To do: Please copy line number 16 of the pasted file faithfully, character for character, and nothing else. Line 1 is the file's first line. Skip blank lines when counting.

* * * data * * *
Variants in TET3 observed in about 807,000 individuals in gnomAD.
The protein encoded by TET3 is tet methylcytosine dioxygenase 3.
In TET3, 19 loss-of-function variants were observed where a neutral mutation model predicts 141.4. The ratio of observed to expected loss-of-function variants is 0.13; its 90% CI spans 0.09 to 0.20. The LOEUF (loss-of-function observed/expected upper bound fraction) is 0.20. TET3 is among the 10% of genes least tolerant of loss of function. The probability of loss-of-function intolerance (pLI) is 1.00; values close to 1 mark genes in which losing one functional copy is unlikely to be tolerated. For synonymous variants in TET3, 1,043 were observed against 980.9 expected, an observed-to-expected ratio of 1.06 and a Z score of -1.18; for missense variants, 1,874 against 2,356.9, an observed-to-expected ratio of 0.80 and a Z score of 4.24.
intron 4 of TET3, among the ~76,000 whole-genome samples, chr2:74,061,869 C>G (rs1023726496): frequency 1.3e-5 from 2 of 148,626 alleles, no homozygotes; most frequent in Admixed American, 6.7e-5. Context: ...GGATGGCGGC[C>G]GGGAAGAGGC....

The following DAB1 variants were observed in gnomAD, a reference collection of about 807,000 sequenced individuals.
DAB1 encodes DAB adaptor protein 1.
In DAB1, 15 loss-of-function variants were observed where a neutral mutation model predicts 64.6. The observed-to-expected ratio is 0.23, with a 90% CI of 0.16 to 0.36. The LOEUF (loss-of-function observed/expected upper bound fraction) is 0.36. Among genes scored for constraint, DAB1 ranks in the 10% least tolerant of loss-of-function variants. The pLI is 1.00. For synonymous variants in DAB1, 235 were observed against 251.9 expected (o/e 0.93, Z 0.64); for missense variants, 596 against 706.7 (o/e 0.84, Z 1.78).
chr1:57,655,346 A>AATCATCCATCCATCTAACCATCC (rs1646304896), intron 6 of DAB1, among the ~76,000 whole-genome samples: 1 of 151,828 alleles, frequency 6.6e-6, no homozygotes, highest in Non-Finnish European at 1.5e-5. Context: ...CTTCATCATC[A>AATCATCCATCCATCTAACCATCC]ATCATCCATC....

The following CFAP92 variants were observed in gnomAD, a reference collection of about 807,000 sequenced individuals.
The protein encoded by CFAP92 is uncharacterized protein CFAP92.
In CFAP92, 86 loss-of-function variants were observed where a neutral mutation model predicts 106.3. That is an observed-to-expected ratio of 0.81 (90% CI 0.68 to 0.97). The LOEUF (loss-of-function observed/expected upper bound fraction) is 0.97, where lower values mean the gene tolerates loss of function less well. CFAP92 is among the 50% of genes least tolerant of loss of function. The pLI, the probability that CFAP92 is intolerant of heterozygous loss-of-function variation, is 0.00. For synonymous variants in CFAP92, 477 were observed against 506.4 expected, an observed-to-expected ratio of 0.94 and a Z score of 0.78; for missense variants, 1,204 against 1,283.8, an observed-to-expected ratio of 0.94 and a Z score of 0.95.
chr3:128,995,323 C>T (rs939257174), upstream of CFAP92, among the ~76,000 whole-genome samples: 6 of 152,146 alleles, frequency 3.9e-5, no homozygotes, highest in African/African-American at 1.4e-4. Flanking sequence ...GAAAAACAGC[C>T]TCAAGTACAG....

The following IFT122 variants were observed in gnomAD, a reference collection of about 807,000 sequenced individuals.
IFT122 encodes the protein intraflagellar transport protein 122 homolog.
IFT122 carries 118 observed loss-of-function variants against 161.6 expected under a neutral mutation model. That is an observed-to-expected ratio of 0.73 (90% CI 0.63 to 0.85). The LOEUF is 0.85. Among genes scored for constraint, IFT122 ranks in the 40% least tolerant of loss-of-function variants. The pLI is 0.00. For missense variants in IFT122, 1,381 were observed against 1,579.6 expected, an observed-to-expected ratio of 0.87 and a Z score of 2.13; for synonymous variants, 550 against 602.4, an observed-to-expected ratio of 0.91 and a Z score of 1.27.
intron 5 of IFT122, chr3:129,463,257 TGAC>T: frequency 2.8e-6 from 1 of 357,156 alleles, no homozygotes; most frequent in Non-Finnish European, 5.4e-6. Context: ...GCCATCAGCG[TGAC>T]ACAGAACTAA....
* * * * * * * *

intron 5 of IFT122, chr3:129,463,257 TGAC>T: frequency 2.8e-6 from 1 of 357,156 alleles, no homozygotes; most frequent in Non-Finnish European, 5.4e-6. Context: ...GCCATCAGCG[TGAC>T]ACAGAACTAA....